As part of our plan to improve access to general practice, we are taking steps to ensure that there will be an extra 5,000 doctors by 2020. We are increasing the number of GP training places, recruiting up to 500 doctors from overseas and encouraging doctors who have retired to return to general practice.
I am delighted to hear the Secretary of State issue some information about the additional GPs who will be coming on stream in the coming years. How many will be coming to north-east Lincolnshire and when will they be there? We have a critical shortage of GPs and people are struggling to get appointments.
The hon. Lady is absolutely right that areas such as Lincolnshire find it particularly difficult to attract GP recruits, which is why we have set up a fund that gives new GP trainees a financial incentive to move to some of the more remote parts of the country. This is beginning to have some effect, and I am happy to write to her with more details.
I warmly welcome the Secretary of State’s efforts to recruit more GPs, and I know that he wants all GPs and, indeed, doctors to have high levels of job satisfaction. Is he aware of the fact that reasonable numbers of doctors are leaving the UK to work overseas? Given the cost of medical training and the money that taxpayers put into that education, will he look at that issue, perhaps by requiring a certain commitment to the NHS?
My hon. Friend raises an important point. There is currently no evidence of an increase in the number of doctors going to work abroad, but there is an issue of fairness because it costs around £230,000 to train a doctor over five years. In return for that, there should be some commitment to spend some time working in the NHS, and we are consulting on that at the moment.
GPs around the country are facing unprecedented pressures as they work to deliver the highest possible standards of care, despite underinvestment and increasing patient demand. A record number of GP practices closed in 2016. Are the Government really serious about addressing the problem for the sake of GPs and their patients? If so, why has the promised £16 million resilience fund not been delivered in full, when it was promised by October 2016? There is very little evidence to date of the Government delivering on any of their promises in “General Practice Forward View”, no sign of the extra £2.4 billion, no sign of—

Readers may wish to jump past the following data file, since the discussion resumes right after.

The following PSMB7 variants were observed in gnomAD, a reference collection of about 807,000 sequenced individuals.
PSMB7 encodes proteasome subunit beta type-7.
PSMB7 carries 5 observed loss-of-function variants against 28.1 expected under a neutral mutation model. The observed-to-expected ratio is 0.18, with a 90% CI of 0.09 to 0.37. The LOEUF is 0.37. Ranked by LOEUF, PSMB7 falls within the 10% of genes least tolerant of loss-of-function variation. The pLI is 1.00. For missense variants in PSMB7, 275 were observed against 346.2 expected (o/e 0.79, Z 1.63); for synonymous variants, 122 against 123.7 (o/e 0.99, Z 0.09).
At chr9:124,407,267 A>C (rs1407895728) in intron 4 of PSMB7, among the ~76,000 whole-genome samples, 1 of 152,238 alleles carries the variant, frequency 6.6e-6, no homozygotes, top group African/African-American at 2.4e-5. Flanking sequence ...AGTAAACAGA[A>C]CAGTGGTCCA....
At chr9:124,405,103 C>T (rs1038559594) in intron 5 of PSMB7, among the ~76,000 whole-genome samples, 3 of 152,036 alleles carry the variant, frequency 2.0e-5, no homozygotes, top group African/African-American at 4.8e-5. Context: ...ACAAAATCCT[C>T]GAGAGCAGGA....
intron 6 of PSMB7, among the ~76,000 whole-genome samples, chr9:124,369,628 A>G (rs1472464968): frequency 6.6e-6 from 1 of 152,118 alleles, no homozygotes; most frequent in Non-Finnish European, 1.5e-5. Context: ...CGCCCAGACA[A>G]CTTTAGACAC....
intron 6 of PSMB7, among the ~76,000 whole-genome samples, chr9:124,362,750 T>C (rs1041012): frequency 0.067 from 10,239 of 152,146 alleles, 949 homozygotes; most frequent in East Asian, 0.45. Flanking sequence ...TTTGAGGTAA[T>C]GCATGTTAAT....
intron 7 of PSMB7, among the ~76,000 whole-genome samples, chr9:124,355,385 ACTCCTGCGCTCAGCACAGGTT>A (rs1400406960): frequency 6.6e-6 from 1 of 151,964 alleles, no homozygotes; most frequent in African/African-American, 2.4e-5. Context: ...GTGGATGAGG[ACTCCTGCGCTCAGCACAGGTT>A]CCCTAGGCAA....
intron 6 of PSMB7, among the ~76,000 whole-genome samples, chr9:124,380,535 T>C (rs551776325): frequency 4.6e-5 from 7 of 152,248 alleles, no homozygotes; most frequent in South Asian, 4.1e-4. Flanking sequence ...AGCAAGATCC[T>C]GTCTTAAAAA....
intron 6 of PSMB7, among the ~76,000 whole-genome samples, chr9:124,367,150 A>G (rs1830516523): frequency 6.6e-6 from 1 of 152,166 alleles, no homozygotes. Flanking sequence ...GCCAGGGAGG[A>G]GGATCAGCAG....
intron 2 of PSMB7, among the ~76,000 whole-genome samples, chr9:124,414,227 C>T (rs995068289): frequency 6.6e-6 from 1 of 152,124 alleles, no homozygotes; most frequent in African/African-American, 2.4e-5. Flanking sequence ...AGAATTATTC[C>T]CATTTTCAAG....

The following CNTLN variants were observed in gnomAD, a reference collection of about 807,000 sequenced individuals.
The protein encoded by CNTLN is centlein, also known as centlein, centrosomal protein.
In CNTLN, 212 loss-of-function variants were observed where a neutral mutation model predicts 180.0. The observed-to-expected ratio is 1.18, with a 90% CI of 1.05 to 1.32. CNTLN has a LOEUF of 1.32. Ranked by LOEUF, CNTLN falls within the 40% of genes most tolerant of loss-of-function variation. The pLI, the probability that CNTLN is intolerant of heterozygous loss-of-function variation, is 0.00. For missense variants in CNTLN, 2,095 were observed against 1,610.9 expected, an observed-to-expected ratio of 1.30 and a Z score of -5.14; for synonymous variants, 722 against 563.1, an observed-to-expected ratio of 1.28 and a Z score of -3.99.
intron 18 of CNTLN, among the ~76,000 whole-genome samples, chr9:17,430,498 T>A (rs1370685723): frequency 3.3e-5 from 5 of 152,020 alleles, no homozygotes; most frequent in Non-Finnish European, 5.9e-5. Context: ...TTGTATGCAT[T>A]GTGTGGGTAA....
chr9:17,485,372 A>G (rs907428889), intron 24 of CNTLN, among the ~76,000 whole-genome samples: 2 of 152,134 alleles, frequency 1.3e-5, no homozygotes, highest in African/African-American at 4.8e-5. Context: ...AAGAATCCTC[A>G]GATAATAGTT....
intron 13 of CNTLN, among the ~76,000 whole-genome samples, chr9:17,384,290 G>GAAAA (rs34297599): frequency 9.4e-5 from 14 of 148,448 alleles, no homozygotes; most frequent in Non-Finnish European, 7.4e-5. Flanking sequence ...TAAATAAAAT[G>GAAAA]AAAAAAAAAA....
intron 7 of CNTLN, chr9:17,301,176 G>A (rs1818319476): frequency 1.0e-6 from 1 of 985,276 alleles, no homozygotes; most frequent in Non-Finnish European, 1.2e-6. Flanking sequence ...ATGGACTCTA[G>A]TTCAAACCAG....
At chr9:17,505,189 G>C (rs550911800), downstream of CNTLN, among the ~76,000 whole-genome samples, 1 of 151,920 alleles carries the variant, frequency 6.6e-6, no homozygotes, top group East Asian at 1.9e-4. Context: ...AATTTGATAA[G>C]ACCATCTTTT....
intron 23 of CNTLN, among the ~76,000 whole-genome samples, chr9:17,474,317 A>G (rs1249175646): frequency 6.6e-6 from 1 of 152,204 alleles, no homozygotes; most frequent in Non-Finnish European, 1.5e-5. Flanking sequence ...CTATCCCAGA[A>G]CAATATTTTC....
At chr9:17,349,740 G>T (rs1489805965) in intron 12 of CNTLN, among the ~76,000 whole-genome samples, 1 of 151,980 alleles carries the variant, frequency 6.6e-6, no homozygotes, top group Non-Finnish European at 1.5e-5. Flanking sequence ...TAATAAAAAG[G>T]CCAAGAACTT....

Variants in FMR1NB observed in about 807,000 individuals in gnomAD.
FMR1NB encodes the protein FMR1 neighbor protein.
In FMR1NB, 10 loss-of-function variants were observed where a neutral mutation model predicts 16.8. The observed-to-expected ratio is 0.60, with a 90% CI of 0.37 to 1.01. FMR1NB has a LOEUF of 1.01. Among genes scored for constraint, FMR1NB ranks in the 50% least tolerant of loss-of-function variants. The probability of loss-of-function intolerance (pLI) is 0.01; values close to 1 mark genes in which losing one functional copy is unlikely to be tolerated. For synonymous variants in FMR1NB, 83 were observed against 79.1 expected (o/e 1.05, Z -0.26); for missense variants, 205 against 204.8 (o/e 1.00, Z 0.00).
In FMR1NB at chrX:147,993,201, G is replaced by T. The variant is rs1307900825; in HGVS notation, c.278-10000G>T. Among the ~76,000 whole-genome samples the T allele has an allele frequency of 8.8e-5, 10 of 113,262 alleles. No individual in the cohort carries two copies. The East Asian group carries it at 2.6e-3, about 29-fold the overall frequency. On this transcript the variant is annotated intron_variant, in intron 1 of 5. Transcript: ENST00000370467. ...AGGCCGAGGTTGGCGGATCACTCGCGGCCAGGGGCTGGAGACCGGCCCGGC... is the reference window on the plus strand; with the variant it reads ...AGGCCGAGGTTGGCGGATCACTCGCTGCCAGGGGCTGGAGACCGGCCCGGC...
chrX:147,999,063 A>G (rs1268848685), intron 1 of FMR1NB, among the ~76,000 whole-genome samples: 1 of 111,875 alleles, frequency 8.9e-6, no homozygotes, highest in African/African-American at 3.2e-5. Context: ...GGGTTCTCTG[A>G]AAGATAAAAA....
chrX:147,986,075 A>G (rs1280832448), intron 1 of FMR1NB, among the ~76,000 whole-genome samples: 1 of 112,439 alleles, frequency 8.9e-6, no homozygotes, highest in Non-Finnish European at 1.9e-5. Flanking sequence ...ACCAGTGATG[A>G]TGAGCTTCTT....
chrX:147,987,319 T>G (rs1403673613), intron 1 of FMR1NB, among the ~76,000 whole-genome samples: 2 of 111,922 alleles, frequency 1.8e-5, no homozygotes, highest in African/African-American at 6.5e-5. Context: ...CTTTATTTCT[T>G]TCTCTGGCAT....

Order. We have got the general drift. May I gently say to the hon. Lady that the longer the Opposition Front Benchers take, the less time there is for Back Benchers on both sides? This is becoming a worsening phenomenon. It is not only the fault of the hon. Lady, but it really must stop. It is not fair to Back-Bench Members.
During my time as Health Secretary, the real-terms investment in general practice has gone up by £700 million or 8%, and we are planning to increase it by 14%—£2.4 billion—over this Parliament. A lot of extra money is going in, but I recognise that there are still a lot of pressures.
My hon. Friend’s ingenuity in bringing these issues up in question after question never ceases to amaze me. As he knows, we recognise that the pressure in primary care cannot just be borne by general practice, but we must always follow the science as to where we get our help from.
Only recently, a surgery has been closed down in the Borough of Halton. There is a clear shortage of GPs. Despite the efforts of the clinical commissioning group to try to find replacements, that has not happened. How will merging CCGs help, and can the Secretary of State rule out any merger between Warrington and Halton?
This is something on which we take guidance from what local CCGs say. There are times when the CCGs feel that their scale is not big enough to have the impact they want.
The hon. Gentleman says from a sedentary position that we set up the CCGs. I remind him that CCGs came together without central prescription as to what their size should be, but we will always listen to the advice we get on the ground if people want to change their size.